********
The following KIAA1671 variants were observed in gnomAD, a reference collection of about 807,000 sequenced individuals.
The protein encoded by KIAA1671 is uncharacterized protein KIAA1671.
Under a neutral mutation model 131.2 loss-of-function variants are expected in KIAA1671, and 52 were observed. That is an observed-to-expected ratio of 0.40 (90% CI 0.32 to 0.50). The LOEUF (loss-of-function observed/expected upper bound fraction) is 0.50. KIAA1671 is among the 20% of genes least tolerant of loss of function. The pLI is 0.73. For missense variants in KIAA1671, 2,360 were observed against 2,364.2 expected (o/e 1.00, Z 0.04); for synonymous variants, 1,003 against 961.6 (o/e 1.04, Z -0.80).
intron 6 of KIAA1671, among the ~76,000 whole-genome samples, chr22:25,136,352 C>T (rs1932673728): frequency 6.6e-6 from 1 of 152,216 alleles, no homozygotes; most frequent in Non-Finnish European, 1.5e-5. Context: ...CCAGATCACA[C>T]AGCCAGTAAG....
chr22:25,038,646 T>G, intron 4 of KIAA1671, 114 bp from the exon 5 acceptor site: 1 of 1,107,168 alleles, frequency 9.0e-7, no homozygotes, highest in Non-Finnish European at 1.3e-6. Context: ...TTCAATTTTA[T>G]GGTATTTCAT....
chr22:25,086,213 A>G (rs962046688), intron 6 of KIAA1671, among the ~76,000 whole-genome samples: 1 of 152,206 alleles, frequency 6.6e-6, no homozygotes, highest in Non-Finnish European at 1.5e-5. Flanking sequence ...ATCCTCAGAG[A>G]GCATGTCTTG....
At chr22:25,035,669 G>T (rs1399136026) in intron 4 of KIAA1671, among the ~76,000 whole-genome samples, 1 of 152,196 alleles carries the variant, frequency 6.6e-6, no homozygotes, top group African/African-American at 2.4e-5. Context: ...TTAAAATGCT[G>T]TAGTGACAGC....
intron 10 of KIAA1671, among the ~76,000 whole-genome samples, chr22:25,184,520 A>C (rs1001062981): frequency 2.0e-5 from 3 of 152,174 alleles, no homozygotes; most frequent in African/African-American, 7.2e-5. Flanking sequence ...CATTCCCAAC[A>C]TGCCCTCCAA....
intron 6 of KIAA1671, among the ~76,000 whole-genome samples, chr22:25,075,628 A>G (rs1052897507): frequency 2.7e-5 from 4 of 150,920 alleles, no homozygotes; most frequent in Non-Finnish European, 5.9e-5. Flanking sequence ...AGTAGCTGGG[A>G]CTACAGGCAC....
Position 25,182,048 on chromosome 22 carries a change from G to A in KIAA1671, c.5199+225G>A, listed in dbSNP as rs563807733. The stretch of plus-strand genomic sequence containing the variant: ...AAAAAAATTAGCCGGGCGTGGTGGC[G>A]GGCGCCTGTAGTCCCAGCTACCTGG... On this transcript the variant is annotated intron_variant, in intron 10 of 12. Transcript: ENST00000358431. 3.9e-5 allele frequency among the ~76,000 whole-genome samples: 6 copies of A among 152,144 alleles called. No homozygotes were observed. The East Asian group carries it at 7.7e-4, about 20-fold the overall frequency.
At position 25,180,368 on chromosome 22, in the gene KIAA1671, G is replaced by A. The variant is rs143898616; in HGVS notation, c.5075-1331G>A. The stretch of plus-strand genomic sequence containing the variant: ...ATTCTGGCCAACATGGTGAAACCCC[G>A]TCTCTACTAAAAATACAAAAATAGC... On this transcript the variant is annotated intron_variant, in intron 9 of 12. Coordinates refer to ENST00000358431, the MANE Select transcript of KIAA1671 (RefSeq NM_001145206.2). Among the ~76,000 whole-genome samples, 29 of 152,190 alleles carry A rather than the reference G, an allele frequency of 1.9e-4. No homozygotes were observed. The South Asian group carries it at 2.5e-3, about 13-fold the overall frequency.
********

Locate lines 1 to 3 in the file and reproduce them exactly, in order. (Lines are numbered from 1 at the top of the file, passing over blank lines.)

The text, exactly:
The following KIAA1671 variants were observed in gnomAD, a reference collection of about 807,000 sequenced individuals.
The protein encoded by KIAA1671 is uncharacterized protein KIAA1671.
Under a neutral mutation model 131.2 loss-of-function variants are expected in KIAA1671, and 52 were observed. That is an observed-to-expected ratio of 0.40 (90% CI 0.32 to 0.50). The LOEUF (loss-of-function observed/expected upper bound fraction) is 0.50. KIAA1671 is among the 20% of genes least tolerant of loss of function. The pLI is 0.73. For missense variants in KIAA1671, 2,360 were observed against 2,364.2 expected (o/e 1.00, Z 0.04); for synonymous variants, 1,003 against 961.6 (o/e 1.04, Z -0.80).